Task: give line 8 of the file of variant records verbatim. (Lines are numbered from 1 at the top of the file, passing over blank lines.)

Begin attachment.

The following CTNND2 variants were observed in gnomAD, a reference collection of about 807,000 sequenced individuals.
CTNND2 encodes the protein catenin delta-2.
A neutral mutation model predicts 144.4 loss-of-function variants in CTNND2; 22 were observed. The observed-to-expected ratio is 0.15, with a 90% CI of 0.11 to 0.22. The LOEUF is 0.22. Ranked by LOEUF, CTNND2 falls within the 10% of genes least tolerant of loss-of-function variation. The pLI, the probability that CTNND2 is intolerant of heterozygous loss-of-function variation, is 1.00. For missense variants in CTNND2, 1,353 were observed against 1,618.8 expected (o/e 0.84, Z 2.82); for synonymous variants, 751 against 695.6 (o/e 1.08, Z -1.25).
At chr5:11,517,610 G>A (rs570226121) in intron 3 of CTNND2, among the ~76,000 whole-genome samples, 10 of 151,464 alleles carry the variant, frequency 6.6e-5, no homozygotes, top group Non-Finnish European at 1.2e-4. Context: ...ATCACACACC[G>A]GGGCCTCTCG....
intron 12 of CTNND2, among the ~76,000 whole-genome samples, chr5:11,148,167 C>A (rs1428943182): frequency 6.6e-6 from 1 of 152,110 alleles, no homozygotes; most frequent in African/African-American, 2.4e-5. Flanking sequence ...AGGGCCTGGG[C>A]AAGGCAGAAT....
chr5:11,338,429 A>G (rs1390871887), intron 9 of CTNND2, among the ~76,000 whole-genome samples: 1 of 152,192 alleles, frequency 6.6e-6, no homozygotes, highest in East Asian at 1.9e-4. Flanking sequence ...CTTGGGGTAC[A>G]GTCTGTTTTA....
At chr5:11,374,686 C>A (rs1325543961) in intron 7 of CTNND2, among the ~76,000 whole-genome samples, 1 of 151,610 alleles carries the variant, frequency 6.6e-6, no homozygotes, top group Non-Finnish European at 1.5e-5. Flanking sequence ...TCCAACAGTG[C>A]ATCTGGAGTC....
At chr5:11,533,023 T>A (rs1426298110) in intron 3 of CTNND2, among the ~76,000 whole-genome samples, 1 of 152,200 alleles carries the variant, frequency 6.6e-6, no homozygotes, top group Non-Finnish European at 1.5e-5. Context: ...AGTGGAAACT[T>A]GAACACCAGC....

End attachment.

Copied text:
At chr5:11,533,023 T>A (rs1426298110) in intron 3 of CTNND2, among the ~76,000 whole-genome samples, 1 of 152,200 alleles carries the variant, frequency 6.6e-6, no homozygotes, top group Non-Finnish European at 1.5e-5. Context: ...AGTGGAAACT[T>A]GAACACCAGC....